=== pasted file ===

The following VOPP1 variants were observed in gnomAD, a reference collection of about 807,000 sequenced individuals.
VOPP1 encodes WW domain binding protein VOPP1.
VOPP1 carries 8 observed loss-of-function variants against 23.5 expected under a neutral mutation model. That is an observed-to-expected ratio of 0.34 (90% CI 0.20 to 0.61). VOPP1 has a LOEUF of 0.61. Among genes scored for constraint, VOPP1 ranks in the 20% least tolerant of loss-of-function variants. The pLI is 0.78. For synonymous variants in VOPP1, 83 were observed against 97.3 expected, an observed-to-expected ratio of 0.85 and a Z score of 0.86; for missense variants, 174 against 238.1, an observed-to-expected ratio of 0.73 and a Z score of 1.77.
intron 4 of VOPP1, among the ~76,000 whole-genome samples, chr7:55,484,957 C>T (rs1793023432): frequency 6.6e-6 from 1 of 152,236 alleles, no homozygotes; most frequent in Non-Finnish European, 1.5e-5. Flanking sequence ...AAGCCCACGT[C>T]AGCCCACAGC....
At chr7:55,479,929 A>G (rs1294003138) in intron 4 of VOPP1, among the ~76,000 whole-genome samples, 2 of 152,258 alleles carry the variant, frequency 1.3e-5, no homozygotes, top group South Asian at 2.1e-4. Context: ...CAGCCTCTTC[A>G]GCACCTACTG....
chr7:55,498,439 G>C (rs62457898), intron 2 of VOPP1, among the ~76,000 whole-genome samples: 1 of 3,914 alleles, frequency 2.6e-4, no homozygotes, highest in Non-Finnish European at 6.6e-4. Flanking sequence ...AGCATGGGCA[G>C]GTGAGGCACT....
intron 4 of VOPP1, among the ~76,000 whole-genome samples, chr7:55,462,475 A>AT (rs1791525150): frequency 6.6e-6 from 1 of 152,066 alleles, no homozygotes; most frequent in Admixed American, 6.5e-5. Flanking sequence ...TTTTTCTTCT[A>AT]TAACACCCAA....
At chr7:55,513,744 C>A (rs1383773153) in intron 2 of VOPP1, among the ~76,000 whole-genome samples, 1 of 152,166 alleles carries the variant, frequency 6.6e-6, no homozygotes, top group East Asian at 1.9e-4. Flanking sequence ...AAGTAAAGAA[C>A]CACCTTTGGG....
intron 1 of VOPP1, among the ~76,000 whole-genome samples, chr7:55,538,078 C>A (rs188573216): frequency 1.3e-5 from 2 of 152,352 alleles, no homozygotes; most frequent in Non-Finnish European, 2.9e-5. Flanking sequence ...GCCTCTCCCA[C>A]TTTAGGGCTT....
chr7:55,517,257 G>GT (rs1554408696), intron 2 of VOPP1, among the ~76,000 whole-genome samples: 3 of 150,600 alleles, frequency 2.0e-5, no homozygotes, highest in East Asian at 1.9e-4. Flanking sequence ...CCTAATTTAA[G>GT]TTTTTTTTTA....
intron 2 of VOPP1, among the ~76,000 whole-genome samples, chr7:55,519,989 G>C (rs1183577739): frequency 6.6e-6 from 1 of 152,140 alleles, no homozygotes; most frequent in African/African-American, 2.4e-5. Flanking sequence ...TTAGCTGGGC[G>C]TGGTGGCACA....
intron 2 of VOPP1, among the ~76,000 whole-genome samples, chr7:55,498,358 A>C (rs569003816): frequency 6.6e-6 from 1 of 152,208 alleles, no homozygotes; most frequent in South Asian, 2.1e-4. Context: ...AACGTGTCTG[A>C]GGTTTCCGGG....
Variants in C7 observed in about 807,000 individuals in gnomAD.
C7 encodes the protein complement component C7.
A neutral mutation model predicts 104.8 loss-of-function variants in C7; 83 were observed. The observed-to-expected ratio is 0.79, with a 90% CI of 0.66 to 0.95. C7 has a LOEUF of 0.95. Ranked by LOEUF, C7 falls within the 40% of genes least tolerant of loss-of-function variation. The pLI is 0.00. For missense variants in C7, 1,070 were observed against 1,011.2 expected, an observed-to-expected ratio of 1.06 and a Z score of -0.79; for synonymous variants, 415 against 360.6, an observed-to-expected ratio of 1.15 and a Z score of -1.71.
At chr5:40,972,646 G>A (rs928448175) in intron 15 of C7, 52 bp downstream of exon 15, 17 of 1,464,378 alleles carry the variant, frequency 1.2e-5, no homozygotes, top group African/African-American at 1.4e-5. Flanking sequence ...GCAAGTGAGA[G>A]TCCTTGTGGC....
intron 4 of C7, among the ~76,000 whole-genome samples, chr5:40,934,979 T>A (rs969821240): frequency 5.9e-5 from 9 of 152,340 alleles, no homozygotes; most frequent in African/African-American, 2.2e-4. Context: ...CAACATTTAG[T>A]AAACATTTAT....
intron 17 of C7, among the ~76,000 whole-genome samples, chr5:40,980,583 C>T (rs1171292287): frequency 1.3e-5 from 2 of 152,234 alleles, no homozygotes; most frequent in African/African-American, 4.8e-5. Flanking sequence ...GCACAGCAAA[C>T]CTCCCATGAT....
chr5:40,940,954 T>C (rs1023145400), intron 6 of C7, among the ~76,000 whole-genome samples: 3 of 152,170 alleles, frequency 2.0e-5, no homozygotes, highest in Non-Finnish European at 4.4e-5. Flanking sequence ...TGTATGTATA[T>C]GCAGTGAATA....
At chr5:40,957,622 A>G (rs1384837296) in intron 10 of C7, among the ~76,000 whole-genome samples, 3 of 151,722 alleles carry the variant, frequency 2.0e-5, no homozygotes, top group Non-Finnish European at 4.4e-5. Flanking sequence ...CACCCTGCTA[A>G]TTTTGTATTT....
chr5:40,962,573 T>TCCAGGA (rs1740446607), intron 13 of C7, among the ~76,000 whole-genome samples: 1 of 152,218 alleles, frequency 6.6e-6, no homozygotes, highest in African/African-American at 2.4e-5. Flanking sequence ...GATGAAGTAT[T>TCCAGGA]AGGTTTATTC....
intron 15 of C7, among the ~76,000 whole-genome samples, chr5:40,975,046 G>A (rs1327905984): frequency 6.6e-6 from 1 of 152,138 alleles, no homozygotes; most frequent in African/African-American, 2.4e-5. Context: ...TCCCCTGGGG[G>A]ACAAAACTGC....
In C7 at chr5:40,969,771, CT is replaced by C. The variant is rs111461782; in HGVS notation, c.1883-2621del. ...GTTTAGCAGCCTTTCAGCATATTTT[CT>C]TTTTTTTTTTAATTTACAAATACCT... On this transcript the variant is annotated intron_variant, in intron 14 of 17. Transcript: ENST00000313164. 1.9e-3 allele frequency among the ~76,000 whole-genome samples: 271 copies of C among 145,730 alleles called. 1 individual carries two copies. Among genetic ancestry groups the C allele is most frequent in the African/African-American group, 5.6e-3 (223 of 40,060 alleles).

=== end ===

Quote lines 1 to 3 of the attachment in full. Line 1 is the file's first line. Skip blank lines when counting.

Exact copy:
The following VOPP1 variants were observed in gnomAD, a reference collection of about 807,000 sequenced individuals.
VOPP1 encodes WW domain binding protein VOPP1.
VOPP1 carries 8 observed loss-of-function variants against 23.5 expected under a neutral mutation model. That is an observed-to-expected ratio of 0.34 (90% CI 0.20 to 0.61). VOPP1 has a LOEUF of 0.61. Among genes scored for constraint, VOPP1 ranks in the 20% least tolerant of loss-of-function variants. The pLI is 0.78. For synonymous variants in VOPP1, 83 were observed against 97.3 expected, an observed-to-expected ratio of 0.85 and a Z score of 0.86; for missense variants, 174 against 238.1, an observed-to-expected ratio of 0.73 and a Z score of 1.77.